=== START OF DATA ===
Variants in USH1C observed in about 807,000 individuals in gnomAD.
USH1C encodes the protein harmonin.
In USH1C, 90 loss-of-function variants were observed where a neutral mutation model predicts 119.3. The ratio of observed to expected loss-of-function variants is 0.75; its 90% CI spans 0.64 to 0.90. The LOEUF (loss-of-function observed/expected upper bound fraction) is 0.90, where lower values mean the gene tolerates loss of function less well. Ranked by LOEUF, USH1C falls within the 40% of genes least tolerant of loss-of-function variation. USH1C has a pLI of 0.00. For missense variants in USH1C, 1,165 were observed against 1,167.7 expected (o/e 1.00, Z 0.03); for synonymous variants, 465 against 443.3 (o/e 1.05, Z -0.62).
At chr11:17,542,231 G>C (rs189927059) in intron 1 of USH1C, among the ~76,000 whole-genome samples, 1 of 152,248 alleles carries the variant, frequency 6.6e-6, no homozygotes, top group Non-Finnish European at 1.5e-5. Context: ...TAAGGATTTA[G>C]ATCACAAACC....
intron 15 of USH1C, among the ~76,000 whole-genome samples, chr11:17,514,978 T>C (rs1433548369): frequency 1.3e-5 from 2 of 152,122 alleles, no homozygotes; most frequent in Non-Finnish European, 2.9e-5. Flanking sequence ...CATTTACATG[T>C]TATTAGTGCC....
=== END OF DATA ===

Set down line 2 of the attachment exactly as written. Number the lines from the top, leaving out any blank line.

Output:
USH1C encodes the protein harmonin.